Spinal Infection Washed Away
Charlotte Carey, 77, of Elgin, Illinois, says life is good, and that she has several reasons to celebrate and be thankful in 2019.
The first is, she and her husband Bruce will celebrate their 50th wedding anniversary. A gathering is planned in Texas, where they’ll spend time with their children and grandchildren.
Charlotte, a former flight attendant, and Bruce, a former pilot, met on Bruce’s very first flight. They’ve lived in the same home in Elgin for 48 years, and have enjoyed being an active part of their community and church, and are avid Chicago Cubs and Chicago Blackhawks fans.
The second reason to celebrate is Charlotte is now pain-free. But only a few short months earlier—in the Fall of 2018—her back pain was so intense that even walking a short distance caused excruciating pain. Eventually her husband took over the household chores Charlotte used to do, because she simply could not do them any longer.
Pain Just Got Worse and Worse
Charlotte had been diagnosed with osteoarthritis several years before. She had had two knee replacements—one in 2005 and 2012—and after recovering, had felt fine.
Then in early 2018, she began developing back pain. At first it was annoying. Then it became worse. She went to a provider who recommended steroid injections for pain management, and she received several over the course of six months. However, instead of getting better, the pain was getting much worse.
Not knowing what to do next, Charlotte decided to call a family friend who also happened to be on staff of Advocate Sherman Hospital in Elgin. She highly recommended Charlotte see Tom Stanley, M.D., M.P.H., a surgeon specializing in orthopedic spine care.
A Bad Infection and a Severely Damaged Spine
“Dr. Stanley saw me very quickly,” says Charlotte. “We did an MRI which showed a severely degenerative thoracic spine—and I had an infection in my back.”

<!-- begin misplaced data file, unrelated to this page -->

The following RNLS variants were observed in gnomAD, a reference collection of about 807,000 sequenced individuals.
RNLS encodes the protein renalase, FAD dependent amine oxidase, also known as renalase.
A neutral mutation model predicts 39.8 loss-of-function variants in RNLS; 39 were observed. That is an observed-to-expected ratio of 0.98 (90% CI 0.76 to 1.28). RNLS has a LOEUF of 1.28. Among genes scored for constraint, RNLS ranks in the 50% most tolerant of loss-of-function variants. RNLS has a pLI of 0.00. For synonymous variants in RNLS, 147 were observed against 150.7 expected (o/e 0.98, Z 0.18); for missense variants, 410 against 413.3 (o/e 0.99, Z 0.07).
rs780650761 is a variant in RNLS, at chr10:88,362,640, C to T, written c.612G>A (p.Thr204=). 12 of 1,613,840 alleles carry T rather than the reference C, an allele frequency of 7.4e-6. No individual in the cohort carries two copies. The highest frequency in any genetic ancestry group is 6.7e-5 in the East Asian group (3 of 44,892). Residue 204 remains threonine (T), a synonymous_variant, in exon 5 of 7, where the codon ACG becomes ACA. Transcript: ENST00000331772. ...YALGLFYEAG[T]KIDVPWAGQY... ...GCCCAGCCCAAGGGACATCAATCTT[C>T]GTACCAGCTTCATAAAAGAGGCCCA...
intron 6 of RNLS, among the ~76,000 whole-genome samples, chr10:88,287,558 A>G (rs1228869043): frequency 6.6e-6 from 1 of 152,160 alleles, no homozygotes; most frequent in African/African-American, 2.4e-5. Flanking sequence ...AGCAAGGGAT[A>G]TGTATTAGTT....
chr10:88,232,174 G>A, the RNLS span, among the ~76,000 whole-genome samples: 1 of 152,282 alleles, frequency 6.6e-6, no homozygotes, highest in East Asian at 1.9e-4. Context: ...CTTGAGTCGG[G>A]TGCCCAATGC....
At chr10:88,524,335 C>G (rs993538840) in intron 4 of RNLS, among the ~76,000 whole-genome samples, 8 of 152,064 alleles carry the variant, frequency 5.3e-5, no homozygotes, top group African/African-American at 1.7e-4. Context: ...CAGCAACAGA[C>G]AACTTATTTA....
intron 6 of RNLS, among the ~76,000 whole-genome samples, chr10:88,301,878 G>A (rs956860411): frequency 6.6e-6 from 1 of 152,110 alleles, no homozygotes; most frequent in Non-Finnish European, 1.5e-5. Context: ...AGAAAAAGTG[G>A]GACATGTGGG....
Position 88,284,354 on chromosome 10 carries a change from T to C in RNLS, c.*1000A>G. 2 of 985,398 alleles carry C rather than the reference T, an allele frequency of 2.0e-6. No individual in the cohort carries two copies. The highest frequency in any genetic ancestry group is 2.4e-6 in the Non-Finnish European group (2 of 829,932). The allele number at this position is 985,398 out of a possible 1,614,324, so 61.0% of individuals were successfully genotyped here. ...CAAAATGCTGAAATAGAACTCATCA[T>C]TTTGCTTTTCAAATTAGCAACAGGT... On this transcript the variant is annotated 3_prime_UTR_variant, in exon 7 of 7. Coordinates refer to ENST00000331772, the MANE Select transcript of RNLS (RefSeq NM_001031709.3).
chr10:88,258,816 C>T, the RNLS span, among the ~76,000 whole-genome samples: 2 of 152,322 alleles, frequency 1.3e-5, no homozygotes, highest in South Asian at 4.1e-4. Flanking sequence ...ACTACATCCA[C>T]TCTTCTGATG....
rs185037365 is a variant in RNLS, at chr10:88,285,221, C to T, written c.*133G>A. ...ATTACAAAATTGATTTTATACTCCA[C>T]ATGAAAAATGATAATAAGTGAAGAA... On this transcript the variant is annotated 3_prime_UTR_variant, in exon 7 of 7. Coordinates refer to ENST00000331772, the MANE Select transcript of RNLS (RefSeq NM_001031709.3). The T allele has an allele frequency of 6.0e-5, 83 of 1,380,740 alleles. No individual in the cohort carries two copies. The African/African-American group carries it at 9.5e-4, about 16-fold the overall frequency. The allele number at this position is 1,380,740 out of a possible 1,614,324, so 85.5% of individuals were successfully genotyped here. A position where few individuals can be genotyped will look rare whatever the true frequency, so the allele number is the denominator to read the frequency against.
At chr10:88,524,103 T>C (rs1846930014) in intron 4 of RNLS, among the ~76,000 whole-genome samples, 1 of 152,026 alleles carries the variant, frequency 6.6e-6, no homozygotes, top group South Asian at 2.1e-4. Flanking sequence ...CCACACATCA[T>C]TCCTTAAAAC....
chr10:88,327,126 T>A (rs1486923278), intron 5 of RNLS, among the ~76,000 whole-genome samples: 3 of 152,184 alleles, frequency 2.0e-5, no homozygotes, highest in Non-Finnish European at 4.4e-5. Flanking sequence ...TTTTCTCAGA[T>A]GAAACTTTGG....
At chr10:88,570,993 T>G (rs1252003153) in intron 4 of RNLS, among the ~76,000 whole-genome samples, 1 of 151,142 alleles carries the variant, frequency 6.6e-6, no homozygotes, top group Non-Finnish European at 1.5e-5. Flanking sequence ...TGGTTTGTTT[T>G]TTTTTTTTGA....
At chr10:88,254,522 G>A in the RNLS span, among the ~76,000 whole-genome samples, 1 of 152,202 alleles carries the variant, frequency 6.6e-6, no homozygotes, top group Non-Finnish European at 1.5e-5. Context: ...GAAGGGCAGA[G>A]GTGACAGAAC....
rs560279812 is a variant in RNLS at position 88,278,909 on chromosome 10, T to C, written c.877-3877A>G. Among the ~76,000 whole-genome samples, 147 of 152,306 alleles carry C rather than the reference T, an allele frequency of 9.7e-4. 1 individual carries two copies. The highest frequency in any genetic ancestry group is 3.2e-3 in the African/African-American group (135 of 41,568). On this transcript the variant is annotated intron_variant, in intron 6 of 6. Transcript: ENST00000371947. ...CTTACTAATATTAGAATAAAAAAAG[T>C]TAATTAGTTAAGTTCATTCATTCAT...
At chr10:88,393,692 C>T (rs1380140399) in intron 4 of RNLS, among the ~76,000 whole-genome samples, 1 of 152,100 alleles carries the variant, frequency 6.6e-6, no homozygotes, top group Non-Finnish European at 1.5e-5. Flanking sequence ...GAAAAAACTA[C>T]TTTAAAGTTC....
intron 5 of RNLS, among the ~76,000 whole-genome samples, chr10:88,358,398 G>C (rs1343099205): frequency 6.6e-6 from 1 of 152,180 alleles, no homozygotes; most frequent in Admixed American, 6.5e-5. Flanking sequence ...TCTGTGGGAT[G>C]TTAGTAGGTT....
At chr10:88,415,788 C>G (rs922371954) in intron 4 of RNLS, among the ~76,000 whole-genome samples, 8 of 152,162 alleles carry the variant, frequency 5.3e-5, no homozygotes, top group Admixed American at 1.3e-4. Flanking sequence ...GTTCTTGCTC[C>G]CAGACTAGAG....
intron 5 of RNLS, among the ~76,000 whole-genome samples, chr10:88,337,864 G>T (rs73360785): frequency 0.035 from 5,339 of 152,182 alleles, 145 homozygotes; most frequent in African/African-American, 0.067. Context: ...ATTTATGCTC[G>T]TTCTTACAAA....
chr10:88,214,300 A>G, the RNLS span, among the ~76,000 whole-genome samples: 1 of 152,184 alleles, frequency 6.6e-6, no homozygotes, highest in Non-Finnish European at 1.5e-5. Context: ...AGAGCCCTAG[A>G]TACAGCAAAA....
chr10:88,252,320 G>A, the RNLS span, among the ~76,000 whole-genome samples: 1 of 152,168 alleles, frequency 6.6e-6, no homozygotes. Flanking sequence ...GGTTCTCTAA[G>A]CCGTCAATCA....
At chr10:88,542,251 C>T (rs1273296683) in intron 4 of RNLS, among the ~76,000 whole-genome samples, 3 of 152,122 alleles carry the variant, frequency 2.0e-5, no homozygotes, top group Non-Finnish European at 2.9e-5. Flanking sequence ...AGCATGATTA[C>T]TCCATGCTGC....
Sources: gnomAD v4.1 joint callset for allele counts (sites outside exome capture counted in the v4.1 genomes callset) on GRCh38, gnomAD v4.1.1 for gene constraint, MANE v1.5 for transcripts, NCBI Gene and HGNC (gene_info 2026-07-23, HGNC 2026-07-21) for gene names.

Dr. Stanley explains that although infections of the spine are not common, they have the potential to become catastrophic.
“This is a case of a spinal infection that was mistaken for arthritic back pain,” he says. “Fortunately, we were able to intervene before the infection led to paralysis.”
Dr. Stanley sent Charlotte to Advocate Sherman Hospital, where they immediately began treating the infection. One week later, Dr. Stanley performed surgery.
“We tried to treat the infection with antibiotics alone. Unfortunately, the infection did not respond to the antibiotics,” says Dr. Stanley. “I had to surgically wash out all the infection and then stabilize the spine get the infection under control.”
After surgery, and while still in the hospital, Charlotte had a welcomed surprise.
“The severe, debilitating pain was gone and I was able to get up and walk around,” says Charlotte.
Next, she spent two weeks in a rehabilitation facility, to help her gain strength and mobility, then went home.
While still in the hospital, a type of small tube/catheter called a PICC line, had been inserted into Charlotte’s upper chest. This was done so she could continue to receive antibiotic infusions for the infection. A nurse came to their home and showed Bruce how to administer the infusion using the device.
“A Terrific Success”
Now, just three months after her surgery, Charlotte is visiting Dr. Stanley about once a month for follow up and says she feels great and describes surgery and the entire process a “terrific success.”
When asked if she has advice for others who may have back pain that’s worsening, Charlotte says the best thing to do is to do something.
“If you have pain, make an appointment and get an evaluation,” she says. “The doctor might order tests, so then you can see if there is something that can be done to help you.”